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Same-sex custody rights contested in Midwest courts

As same-sex marriage rights become increasingly common throughout the nation, a growing number of family law problems are emerging with regard to child custody. Same-sex couples enjoy different rights in different states. As a result, dealing with the legal implications of a break-up that involves kids has become extraordinarily complex. In some of Minnesota's fellow Midwestern states, seminal court cases are determining whether existing child custody rights extend to guardians who are not traditionally known as "parents."

In one such case, a female pair chose to have a child through artificial insemination. One of the women gave birth to the little boy, now 5 years old, and he identifies them both as his mothers. The partner who did not give birth to the boy never went through the formal adoption process, so her parental rights are now in question in a landmark case. The couple initially split up when the boy was 2 years old.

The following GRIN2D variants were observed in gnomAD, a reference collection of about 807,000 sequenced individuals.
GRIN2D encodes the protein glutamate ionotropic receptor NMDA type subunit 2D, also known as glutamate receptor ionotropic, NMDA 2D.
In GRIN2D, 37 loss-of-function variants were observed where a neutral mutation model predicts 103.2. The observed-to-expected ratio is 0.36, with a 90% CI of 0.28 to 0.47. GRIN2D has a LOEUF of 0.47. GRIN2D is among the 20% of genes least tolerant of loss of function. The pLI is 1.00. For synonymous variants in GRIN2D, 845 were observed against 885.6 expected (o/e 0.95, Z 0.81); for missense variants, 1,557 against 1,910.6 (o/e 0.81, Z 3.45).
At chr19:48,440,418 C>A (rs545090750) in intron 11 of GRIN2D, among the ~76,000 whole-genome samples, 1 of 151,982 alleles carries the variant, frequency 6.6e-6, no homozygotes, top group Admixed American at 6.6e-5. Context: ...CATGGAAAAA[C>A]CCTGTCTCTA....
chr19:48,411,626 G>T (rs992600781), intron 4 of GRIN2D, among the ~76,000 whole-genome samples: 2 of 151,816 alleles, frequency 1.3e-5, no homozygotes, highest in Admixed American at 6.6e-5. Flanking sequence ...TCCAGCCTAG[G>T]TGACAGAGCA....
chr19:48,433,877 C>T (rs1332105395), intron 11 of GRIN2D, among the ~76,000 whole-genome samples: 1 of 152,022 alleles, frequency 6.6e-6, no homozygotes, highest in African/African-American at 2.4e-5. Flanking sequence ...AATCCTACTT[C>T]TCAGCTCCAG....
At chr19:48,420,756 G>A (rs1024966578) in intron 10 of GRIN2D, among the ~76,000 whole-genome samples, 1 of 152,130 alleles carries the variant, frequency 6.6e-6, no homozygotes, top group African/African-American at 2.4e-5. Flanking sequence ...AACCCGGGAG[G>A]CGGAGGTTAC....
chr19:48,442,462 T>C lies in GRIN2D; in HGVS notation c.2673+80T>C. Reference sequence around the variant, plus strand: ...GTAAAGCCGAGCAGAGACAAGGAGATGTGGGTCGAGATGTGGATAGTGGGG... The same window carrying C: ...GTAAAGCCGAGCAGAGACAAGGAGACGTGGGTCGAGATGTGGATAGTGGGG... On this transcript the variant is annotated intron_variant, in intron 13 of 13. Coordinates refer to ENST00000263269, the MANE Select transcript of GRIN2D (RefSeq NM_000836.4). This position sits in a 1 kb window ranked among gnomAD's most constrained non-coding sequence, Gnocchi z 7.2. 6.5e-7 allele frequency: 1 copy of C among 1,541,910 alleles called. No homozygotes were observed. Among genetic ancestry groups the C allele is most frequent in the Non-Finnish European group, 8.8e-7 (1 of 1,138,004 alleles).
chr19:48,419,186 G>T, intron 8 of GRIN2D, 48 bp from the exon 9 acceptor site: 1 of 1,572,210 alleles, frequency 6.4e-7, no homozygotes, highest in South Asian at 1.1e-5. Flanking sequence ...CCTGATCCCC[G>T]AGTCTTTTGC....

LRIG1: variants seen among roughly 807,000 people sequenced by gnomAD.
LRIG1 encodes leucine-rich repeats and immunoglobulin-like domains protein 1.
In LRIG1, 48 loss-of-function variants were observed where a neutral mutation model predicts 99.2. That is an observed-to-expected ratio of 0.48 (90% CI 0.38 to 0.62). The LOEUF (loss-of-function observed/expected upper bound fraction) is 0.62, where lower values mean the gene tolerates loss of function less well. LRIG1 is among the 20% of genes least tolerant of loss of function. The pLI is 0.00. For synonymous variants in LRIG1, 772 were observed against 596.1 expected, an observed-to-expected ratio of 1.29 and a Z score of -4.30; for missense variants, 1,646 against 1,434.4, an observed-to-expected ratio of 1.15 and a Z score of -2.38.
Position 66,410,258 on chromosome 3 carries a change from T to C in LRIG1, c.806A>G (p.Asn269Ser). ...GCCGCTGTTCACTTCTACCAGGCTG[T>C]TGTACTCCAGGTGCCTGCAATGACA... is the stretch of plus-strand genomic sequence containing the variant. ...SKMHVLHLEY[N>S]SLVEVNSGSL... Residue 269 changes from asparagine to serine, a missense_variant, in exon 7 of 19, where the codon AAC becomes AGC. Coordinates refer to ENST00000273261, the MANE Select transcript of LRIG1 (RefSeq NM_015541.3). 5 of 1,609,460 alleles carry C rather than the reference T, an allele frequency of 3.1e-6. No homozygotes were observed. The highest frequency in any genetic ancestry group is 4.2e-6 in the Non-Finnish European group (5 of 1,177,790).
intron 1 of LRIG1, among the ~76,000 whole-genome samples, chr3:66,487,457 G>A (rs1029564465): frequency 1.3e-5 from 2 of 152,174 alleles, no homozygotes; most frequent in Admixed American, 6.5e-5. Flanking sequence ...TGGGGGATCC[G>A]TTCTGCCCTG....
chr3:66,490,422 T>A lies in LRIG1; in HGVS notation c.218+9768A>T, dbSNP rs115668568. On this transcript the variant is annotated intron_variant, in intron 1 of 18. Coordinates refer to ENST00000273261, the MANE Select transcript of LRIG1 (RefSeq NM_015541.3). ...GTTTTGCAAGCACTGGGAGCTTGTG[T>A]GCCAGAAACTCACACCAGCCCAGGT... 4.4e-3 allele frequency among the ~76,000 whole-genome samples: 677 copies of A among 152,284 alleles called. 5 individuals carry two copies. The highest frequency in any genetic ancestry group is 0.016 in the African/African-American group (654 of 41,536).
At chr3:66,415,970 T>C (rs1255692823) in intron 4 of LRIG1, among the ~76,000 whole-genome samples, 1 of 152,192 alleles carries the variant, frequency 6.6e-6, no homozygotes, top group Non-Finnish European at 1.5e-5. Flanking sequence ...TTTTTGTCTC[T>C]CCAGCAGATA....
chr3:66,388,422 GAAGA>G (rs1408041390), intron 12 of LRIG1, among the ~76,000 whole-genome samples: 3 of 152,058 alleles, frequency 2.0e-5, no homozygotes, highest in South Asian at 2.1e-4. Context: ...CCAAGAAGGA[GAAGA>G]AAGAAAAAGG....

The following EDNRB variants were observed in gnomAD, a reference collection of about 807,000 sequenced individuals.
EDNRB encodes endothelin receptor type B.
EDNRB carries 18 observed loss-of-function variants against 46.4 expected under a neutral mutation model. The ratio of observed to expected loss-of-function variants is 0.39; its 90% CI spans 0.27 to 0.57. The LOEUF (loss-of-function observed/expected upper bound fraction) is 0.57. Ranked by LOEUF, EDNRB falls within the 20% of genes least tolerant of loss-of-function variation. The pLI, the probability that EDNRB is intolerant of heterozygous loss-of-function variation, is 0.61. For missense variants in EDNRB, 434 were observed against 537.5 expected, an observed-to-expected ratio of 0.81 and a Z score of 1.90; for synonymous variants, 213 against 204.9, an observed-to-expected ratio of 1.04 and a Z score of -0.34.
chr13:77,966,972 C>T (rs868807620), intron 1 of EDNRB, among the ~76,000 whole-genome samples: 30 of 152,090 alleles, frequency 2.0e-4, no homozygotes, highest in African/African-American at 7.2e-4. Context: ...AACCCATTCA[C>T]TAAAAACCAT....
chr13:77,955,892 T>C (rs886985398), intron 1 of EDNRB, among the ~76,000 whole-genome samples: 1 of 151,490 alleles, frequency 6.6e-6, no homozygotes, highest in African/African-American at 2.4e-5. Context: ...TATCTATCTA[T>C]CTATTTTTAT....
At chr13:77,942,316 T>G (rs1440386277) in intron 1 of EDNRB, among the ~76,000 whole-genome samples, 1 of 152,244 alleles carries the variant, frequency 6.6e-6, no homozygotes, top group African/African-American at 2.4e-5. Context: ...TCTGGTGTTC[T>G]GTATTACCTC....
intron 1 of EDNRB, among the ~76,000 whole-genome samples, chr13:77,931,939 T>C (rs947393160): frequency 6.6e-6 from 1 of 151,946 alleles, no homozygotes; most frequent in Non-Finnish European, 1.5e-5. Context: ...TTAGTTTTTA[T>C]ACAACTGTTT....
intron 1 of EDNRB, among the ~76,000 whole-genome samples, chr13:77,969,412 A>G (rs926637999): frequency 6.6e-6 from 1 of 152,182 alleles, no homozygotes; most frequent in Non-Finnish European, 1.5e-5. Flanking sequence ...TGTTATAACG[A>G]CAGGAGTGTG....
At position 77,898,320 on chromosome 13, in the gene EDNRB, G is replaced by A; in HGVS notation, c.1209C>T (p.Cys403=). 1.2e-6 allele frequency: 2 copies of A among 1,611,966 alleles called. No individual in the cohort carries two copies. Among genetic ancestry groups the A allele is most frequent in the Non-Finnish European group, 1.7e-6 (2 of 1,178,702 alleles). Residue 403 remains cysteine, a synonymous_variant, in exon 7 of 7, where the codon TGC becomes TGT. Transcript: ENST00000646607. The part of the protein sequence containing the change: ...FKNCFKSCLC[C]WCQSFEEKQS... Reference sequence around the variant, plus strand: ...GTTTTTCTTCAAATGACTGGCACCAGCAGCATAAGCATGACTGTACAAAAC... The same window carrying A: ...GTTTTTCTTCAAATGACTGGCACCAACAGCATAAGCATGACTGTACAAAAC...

An appeals court has ruled that the woman is not permitted to seek joint custody because she never took the steps necessary to formally adopt the child. She can, however, seek visitation. This can be granted if judges in the case decide that the child's best interests would be served by interacting with both moms. Even that decision is a departure from the Midwestern state's traditional ethos, which requires that visitation only be granted to stepparents, parents or grandparents. Now, members of same-sex couples are permitted to seek visitation as well.

Social changes throughout our nation require concomitant legal modifications to clarify parental rights among same-sex couples. Despite feelings related to gay marriage, lawmakers must work to create custody legislation that will protect children and their parents from unfair rulings. Children who are born to unwed same-sex couples deserve the same consideration as those who are born to heterosexual pairs.


Source: 
www.southbendtribune.com, "Indiana court asks legislature to tackle same-sex custody" Madeline Buckley, Nov. 11, 2013

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